There is nothing in Net Neutrality that makes it either easier or harder for a new ISP to get off the ground. The simple fact is that the cost to enter that market is astronomical. Before a new ISP makes any money at all they must string cable and fiber over a wide area and build a network infrastructure. Oh and on top of that you have to fight lawsuits from the other ISP's that are worried you are affecting their monopolies.

It appears in this last little bit that you are arguing that since private companies such as Google, Facebook, Twitter, etc can decide what content appears on their products that ISP's should be able to charge more money or block access to their services. I find this funny, because you are upset that these companies are blocking certain users but that is exactly what the repeal of Net Neutrality does for ISP's. But, the difference is that the ISP's can block access to anything they disagree with on the ENTIRETY of the internet. They can now block whole domains. I agree that something should be done about censorship at the above mentioned companies but that is a completely different issue than Net Neutrality.


Now, with all of that said you never answered my question. How is Net Neutrality censorship?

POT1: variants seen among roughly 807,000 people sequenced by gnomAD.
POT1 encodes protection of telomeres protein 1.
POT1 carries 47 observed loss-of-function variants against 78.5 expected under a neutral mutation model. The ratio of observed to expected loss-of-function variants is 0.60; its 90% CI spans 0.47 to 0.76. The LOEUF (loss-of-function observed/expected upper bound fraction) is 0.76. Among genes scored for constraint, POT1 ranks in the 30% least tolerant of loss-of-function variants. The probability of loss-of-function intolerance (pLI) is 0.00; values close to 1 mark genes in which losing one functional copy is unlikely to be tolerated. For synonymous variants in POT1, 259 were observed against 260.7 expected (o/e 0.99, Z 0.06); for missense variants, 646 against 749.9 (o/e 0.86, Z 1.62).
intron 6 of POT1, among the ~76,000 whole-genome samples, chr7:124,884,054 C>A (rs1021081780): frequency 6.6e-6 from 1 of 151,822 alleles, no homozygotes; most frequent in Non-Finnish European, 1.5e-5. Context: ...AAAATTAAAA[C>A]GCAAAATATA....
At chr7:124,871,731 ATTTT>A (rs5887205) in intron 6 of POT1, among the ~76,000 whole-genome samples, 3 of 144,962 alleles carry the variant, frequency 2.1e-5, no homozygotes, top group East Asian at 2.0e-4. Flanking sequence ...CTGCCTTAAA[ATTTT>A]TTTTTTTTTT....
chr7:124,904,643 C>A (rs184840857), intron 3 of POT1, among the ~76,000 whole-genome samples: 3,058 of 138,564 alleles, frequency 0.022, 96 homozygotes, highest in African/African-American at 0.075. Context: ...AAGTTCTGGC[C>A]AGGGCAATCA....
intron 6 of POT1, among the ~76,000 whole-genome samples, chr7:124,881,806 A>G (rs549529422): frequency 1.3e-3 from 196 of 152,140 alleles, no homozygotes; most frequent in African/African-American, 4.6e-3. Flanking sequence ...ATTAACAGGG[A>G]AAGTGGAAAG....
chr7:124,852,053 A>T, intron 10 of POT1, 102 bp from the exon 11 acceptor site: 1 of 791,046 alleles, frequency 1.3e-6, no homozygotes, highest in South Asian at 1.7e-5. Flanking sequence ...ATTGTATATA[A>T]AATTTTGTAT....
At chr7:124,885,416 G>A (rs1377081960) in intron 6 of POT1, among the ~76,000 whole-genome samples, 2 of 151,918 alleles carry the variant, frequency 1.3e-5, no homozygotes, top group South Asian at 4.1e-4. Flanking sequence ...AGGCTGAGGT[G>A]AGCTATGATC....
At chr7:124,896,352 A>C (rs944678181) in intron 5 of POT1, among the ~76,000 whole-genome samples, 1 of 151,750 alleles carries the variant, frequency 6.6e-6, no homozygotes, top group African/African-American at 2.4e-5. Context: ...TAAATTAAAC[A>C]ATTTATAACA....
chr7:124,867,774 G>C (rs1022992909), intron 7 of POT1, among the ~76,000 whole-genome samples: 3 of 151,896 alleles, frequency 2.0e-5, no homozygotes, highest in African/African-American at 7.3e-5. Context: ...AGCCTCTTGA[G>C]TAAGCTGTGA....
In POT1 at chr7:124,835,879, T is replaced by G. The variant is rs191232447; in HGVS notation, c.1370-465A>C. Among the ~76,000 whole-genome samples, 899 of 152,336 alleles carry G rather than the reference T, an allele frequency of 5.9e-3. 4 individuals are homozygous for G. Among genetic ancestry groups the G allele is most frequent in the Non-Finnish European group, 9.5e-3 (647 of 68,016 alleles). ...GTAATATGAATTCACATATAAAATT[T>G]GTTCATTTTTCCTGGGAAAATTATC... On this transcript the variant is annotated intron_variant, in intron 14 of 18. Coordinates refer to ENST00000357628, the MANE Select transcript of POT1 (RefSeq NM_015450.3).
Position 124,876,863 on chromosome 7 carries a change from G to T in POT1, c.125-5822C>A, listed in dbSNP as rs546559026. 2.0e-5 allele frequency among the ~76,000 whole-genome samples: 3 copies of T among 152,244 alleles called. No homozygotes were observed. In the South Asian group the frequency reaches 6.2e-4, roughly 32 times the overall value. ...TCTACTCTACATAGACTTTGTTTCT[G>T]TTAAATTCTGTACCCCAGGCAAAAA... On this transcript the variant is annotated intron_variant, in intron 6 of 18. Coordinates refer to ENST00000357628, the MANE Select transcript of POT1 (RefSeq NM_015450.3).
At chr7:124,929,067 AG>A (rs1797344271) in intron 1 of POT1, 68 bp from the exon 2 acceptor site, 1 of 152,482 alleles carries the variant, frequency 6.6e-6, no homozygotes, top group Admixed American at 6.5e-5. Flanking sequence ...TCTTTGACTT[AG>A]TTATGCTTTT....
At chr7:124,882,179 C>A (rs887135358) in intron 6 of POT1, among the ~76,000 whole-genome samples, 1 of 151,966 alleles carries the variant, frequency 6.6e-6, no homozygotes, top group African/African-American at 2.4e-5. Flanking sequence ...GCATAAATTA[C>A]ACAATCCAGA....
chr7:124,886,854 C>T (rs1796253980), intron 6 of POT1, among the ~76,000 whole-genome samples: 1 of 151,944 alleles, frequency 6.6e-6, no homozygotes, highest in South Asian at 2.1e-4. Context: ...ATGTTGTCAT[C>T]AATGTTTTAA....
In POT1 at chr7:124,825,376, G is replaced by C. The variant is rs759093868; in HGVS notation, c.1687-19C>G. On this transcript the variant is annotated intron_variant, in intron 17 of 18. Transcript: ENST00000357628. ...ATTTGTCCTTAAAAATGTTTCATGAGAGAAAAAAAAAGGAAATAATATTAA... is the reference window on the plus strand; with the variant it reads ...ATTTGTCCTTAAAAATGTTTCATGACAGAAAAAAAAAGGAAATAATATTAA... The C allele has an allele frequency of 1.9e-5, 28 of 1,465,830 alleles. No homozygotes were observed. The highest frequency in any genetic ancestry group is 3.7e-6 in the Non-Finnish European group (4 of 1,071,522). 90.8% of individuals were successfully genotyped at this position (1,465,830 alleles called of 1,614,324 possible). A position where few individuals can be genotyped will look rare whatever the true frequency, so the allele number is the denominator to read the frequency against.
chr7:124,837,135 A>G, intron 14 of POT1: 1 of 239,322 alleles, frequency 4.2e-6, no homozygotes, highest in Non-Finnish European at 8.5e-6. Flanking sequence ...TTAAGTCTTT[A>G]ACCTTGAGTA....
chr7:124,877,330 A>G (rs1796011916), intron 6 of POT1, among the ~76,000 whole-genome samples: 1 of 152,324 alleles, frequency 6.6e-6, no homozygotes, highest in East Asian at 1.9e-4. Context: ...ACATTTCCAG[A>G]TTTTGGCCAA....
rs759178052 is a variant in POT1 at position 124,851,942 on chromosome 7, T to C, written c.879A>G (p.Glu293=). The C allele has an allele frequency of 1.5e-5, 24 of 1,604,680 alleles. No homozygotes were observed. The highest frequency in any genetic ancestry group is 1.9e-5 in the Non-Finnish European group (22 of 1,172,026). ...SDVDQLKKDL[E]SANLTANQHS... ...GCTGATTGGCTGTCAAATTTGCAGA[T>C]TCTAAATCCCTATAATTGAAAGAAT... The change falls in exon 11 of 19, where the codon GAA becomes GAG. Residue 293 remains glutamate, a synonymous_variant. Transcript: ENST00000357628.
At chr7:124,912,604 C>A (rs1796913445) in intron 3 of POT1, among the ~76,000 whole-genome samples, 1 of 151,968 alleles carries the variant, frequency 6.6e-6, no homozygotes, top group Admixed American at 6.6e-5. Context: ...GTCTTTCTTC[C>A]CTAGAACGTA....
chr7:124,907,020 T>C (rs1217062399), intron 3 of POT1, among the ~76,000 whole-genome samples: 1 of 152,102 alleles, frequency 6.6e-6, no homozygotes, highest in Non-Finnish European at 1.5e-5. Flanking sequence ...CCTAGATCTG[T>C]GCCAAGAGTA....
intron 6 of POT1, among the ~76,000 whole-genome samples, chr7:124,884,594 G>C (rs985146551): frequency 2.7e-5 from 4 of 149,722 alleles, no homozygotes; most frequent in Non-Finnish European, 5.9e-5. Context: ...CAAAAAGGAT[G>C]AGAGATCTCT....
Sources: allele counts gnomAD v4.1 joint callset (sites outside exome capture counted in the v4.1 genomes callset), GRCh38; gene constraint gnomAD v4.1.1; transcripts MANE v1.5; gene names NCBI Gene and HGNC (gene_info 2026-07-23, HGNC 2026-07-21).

Heres one example of why you are wrong

Let Comcast shoot itself in the foot, and drive traffic towards smaller ISPs


So who here has Comcast vs. a small ISP? I have a small ISP and pay $125/month for 25 Mbs down..(Crazy for the performance and connectivity issues)

Comcast in the next town over would give me 2 Gbps down for that price....

I don't care if Comcast provides slow lanes, fast lanes, whatever lanes, I'd take that all day, every day.




posted on Dec, 14 2017 @ 02:52 PM
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a reply to: Wardaddy454

The second link may be a "states" thing, but the original push to expand the internet backbone was a federal thing. Stop mixing up the facts.



posted on Dec, 14 2017 @ 02:55 PM
link   

originally posted by: Krazysh0t

originally posted by: Wardaddy454

originally posted by: BlackJackal

originally posted by: Wardaddy454

Net neutrality is about protecting the public from big evil corporations via regulation, right?

Are Google, Youtube, Twitter, Amazon, Facebook, and Netflix big corporations? Why are they for net-neutrality, when the regulation wouldn't effect them either way? Any ISP would lose business if they hindered access to those platforms.